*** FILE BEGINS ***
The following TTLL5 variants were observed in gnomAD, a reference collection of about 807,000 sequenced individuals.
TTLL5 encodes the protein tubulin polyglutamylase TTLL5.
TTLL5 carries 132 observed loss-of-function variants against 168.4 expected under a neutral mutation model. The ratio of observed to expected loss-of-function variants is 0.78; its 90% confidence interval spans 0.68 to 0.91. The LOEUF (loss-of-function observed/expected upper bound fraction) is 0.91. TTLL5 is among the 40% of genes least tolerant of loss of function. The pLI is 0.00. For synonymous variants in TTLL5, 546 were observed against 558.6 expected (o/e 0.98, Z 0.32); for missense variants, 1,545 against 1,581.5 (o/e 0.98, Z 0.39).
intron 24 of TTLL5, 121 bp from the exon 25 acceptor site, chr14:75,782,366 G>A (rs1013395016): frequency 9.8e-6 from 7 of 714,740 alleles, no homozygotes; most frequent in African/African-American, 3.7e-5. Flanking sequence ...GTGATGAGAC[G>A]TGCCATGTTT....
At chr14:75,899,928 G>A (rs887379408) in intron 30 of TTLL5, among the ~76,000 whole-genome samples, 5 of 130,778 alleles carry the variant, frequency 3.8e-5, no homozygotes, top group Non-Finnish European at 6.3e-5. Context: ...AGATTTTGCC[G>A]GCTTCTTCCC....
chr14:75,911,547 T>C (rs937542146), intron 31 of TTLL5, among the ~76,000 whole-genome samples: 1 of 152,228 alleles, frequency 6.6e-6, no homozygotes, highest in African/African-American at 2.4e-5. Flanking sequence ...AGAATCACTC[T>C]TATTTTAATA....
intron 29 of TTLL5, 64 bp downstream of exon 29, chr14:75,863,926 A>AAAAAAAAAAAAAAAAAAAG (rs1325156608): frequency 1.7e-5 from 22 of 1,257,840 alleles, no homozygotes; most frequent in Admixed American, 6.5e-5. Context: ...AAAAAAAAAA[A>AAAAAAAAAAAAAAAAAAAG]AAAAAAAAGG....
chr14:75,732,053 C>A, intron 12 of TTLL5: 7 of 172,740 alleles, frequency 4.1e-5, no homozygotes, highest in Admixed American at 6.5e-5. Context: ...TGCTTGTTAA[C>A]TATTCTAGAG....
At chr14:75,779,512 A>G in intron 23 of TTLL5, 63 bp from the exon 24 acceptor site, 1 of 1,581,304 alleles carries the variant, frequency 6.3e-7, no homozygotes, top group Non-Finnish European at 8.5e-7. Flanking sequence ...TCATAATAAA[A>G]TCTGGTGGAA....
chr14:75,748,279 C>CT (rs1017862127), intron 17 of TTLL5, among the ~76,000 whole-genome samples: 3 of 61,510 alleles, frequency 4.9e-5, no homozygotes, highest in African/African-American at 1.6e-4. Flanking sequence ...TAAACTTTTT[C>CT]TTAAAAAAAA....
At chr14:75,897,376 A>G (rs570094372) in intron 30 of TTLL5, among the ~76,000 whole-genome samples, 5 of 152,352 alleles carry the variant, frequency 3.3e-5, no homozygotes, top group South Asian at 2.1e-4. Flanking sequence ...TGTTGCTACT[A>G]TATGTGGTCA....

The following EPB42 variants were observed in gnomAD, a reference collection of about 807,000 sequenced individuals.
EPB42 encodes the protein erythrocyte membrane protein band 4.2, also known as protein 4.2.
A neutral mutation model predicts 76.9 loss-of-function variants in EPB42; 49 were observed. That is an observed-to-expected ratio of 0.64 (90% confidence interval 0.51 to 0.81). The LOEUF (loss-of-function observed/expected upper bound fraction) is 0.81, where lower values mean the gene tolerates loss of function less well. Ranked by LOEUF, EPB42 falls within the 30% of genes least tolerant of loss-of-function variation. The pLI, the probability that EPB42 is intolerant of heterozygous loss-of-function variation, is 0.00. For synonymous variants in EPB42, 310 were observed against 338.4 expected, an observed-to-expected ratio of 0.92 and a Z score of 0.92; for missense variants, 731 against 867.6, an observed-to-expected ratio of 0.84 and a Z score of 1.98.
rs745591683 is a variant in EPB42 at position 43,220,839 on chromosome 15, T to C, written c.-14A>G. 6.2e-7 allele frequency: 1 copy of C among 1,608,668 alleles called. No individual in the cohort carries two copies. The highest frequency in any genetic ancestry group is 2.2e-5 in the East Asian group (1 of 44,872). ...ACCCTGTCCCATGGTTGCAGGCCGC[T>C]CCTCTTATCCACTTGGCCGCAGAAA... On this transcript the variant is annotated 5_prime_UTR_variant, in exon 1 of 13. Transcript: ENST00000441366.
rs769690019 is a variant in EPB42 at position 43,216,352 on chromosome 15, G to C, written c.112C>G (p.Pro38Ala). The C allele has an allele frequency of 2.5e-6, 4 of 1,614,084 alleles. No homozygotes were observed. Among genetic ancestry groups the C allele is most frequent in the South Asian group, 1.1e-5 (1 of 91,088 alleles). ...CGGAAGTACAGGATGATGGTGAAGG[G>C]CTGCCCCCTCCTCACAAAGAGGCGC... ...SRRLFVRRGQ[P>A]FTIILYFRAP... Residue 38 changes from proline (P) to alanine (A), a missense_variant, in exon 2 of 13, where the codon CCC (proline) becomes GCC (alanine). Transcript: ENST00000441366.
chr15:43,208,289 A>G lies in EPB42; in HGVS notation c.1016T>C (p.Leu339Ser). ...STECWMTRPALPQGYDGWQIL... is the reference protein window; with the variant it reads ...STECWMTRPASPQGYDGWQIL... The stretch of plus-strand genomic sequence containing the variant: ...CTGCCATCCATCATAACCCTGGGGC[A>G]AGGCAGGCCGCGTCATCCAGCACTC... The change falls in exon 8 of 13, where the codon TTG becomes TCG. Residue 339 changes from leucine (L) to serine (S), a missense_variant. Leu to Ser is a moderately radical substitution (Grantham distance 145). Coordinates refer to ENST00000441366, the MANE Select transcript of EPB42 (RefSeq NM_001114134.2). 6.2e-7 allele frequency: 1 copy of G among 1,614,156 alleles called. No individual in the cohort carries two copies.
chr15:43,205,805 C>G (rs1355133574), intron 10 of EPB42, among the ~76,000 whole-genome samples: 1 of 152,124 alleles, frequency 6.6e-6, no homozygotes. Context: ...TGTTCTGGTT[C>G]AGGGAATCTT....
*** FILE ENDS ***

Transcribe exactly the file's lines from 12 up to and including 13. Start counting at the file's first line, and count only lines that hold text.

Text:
The following EPB42 variants were observed in gnomAD, a reference collection of about 807,000 sequenced individuals.
EPB42 encodes the protein erythrocyte membrane protein band 4.2, also known as protein 4.2.